Weaknesses: - The results are not applicable to some other important family of networks like ResNets. The analysis seems to be relying on the homogeneity. Does this mean that ResNets have different behavior? Or they have similar behaviors, but the analysis is limited by the current techniques available? - Can one have discrete-time guarantees? Especially since the analysis if for late training, one would like to have an analysis saying after how many steps the training roughly converges (stabilizes). Does it take exponential time to stabilize? - The generalization behavior is only briefly mentioned. The implications on margins are related, but more explicit discussion will be appreciated. I would also like to see more discussion on the effect of late training on generalization, e.g., does the late training after loss 1/#datapoints improve the generalization or can hurt the generalization? ============after response=============== The response clarified my questions on generalization and distinction from prior work. It doesn't adequately address the questions about discrete-time analysis and non-homogeneous networks, but I understand these two are quite beyond the scope of the paper, so I increase the score from 6 to 7.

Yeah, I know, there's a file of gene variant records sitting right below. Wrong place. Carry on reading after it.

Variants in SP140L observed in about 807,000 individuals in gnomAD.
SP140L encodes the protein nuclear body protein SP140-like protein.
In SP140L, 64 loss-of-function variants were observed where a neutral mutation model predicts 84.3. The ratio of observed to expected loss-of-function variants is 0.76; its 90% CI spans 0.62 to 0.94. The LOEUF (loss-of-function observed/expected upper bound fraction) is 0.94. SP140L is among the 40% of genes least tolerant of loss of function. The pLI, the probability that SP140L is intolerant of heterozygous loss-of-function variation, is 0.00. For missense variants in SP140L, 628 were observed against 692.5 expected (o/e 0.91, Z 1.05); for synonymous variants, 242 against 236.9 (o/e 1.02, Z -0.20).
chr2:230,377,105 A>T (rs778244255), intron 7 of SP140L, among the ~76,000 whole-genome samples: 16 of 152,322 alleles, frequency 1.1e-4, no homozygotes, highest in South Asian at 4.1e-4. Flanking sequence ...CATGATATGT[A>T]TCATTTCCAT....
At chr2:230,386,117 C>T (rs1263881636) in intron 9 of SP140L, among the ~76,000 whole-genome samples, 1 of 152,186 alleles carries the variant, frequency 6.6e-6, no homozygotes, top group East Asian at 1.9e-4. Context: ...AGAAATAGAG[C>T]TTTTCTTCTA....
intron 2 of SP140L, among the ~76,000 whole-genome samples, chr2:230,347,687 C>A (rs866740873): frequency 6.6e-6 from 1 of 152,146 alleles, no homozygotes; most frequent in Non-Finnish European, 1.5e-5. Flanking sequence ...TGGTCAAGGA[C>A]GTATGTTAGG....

Correctness: I believe so, though I may have only checked the key lemmas.

Clarity: Yes.

Relation to Prior Work: Yes. More discussions on generalization will be appreciated.

Reproducibility: Yes

Additional Feedback:

Review 4

Summary and Contributions: This work established that the normalized parameter vectors converge, and that under an additional assumption of locally Lipschitz gradients, the gradients also converge and align with the parameters.